Gold was in the headlines last week when it traded at an all time high in U.S. and Canadian Dollars. On the other hand, gold stocks on both sides of the border strengthened, but failed to approach all time highs. Where do gold equities and related Exchange Traded Funds go from here?
One of the reasons for failure of gold equities to move to new highs is a lack of favourable seasonal influences. The period of seasonal strength is approaching, but is not there yet. According to Thackray’s 2010 Investor’s Guide, the sweet spot for gold equities is from July 27th to September 25th. The trade based on the Philadelphia Gold and Silver Index has been profitable in 16 of the past 25 periods. Average gain per period was 6.8 percent versus a loss of 0.6 percent for the S&P 500 Index. Gold benefits from greater demand by refiners that use the gold to make jewelry for the Christmas and Indian Diwali wedding season in late October or early November. This year Diwali occurs on November 5th. India is by far the largest purchaser of gold jewelry in the world.
Chances of a seasonal trade in gold and gold stocks this year are better than average. India’s economy is booming. It currently is one of the fastest growing economies in the world. Demand for gold jewelry is expected to be exceptional this fall despite the high price of gold.
Supply and demand factors are expected to influence gold and gold stocks favourably this summer and fall. Upside potential for gold currently is capped by gold held by the International Monetary Fund. Last summer the IMF received international approval to sell 400 tonnes of gold. Last fall it sold 200 tonnes to India and has announced intentions to sell its remaining 200 tonnes. Funds from the sales are needed to finance the financial bailout of Greece as well as to provide support for emerging nations that were damaged by the recent recession. The IMF has been slowly liquidating its remaining 200 tonnes under the Bretton Woods agreement reached by central bankers last summer. The effect of this action will remove important overhead resistance levels for gold and gold stocks.
Currency fluctuations also are expected to influence gold and gold stocks this summer and fall. Historically, gold and gold stock prices have moved inversely with the U.S. Dollar. The accelerated printing of U.S. Dollars during the past 10 years has triggered a flight to value. Since 2001 the price of gold in U.S. Dollars has more than quadrupled. That relationship disappeared temporarily in December 2009 when the Euro’s financial crisis first became apparent. Since then, the U.S. Dollar has strengthened relative to the Euro and gold and gold stocks have moved sideways. However, the historic inverse relationship between gold and U.S. Dollar is expected to return when the Euro eventually stabilizes. Unlike European nations that have announced in recent weeks plans to reduce government spending and deficits, the U.S. government is intent on increasing government spending and deficits. Ultimately, accelerated printing of U.S. Dollars to finance the federal government’s deficit will lead to a return to weakness in the U.S. Dollar and strength in gold and gold equity prices.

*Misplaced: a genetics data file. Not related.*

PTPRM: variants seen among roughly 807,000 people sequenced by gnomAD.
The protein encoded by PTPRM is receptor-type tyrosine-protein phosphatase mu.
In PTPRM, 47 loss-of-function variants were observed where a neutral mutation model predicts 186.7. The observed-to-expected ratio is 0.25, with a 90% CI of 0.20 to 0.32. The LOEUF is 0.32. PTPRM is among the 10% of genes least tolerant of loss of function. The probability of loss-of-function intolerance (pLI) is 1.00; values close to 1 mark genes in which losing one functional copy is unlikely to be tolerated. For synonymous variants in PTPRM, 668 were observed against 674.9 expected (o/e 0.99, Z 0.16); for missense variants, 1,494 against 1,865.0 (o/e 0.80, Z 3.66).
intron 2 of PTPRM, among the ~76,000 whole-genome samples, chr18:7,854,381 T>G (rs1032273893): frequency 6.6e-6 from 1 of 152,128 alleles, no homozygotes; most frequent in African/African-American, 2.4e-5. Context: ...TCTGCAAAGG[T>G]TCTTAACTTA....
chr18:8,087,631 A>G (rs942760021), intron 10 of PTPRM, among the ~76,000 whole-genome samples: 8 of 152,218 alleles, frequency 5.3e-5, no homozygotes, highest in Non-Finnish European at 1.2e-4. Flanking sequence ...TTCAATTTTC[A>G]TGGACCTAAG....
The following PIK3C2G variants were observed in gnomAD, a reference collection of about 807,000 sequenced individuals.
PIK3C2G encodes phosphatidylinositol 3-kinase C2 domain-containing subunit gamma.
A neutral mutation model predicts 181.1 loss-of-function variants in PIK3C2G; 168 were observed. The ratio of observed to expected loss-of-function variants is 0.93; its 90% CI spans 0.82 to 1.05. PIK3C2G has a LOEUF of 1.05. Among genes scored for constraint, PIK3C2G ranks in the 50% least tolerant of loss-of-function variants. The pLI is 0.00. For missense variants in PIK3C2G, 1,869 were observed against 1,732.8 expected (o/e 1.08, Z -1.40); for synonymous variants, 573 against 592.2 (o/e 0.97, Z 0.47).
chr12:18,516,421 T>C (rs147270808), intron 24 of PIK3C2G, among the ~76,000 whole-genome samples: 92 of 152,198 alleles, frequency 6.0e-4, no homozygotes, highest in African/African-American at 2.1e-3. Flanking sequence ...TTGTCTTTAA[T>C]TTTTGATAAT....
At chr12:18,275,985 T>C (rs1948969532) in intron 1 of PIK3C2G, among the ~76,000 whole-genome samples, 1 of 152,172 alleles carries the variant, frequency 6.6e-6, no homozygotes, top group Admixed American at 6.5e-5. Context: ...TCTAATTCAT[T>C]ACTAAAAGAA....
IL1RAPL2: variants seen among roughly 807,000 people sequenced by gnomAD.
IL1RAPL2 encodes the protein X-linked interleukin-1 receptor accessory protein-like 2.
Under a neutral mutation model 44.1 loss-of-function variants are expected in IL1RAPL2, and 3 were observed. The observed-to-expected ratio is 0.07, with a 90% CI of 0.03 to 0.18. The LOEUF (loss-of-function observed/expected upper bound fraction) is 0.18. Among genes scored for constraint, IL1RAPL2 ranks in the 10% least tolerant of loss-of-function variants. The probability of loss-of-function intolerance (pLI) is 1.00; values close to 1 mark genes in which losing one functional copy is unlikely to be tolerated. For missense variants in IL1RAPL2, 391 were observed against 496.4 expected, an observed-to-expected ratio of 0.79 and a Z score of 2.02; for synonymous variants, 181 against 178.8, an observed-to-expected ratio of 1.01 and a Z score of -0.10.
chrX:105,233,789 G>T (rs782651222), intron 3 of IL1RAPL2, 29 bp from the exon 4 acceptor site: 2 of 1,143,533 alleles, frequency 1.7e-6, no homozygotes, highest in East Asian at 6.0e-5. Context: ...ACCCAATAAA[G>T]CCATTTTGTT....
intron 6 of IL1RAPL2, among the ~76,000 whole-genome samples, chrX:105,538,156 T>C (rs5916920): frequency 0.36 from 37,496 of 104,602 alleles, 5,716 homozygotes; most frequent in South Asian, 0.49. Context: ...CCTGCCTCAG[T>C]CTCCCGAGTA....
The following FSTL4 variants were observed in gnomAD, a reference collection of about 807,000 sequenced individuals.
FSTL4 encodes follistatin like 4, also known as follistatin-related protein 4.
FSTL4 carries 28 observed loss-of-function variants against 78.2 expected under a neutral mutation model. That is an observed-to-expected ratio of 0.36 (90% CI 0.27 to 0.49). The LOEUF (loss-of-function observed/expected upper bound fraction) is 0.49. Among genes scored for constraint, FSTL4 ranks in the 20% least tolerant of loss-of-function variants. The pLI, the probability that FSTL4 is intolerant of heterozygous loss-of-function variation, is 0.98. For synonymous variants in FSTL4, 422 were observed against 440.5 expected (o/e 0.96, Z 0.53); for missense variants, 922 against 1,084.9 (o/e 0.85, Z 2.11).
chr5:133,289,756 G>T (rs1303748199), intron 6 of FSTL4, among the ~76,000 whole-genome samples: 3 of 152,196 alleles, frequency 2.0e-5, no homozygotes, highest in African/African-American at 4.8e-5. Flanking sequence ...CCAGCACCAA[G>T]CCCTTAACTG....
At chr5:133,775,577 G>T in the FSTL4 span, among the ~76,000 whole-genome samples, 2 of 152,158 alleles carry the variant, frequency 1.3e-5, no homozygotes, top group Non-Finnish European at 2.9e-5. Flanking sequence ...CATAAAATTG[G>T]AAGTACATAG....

On the charts, gold equity indices have become more interesting in recent weeks. The Philadelphia Gold and Silver Index (Symbol: XAU), AMEX Gold Bug Index (Symbol: HUI) and the S&P/TSX Global Gold Index have strengthened with gold prices during the past two months. However, gold equity indices have been underperforming the commodity itself. In addition, the short term momentum indicators currently are overbought suggesting limited short term upside potential.
Preferred strategy is to place gold equities and related Exchange Traded Funds on the radar screen for a possible seasonal trade this summer. Please be patient, do your homework before choosing an investment in the sector and watch the charts for an opportune time to enter as July approaches.
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